- If they do not already exist, you might, suggest that the school offer certain activities and set specific policies to ease the transition for all children entering kindergarten:
- Have a "Move-up Day" in the Spring for incoming kindergarteners to visit.
- Develop written, systemwide guidelines for the transition.
- Make a handbook for all parents of children with special needs.
- Hold Pupil Evaluation Team meetings in the spring before kindergarten.
- Offer informal meetings with all parents to share concrete information and to answer questions about programs and practices.
- Create a team that meets throughout the year to monitor the success of a child's special education program.
Preparing for the Pupil Evaluation Team
In the spring before your child is entering kindergarten, congratulate yourself for getting some of the hardest work out of the way early. The purpose of the first Pupil Evaluation Team (PET) meeting is either to determine if your child needs special education or other accommodations to write an Individualized Education Program (IEP), which becomes part of his or her curriculum in kindergarten. It will be much easier for you if you are not meeting all the professionals and learning about the special education process for the very first time.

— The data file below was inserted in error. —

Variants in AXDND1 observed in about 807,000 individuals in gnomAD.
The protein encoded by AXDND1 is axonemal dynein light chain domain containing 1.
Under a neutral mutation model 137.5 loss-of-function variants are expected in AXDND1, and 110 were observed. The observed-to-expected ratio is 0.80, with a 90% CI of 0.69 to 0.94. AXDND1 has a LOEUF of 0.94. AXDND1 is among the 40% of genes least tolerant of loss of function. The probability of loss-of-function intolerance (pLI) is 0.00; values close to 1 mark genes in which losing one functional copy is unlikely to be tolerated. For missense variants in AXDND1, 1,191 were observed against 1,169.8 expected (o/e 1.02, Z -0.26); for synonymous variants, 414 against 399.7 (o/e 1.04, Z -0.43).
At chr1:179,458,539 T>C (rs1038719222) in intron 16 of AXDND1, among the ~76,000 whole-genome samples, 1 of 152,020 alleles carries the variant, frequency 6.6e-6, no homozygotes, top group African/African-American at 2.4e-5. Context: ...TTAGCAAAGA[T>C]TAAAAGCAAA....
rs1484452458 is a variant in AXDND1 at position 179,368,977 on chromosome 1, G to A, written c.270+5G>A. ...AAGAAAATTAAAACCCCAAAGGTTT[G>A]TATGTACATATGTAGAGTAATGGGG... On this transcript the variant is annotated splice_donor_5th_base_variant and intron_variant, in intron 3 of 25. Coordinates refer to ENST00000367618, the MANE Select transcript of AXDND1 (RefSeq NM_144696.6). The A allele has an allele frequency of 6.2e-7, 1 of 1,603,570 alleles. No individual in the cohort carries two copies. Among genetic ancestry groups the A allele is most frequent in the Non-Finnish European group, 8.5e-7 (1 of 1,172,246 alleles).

- Collect all the information you want to share at the meeting. It's best to write down what you want to say, because it's easy to forget when you're in a group.
- Call the special education director and ask who will be at the meeting and if you can get an agenda ahead of time. Let him or her know who will attend with you, and that you will want time to contribute, too.
- Ask the preschool team again for their input.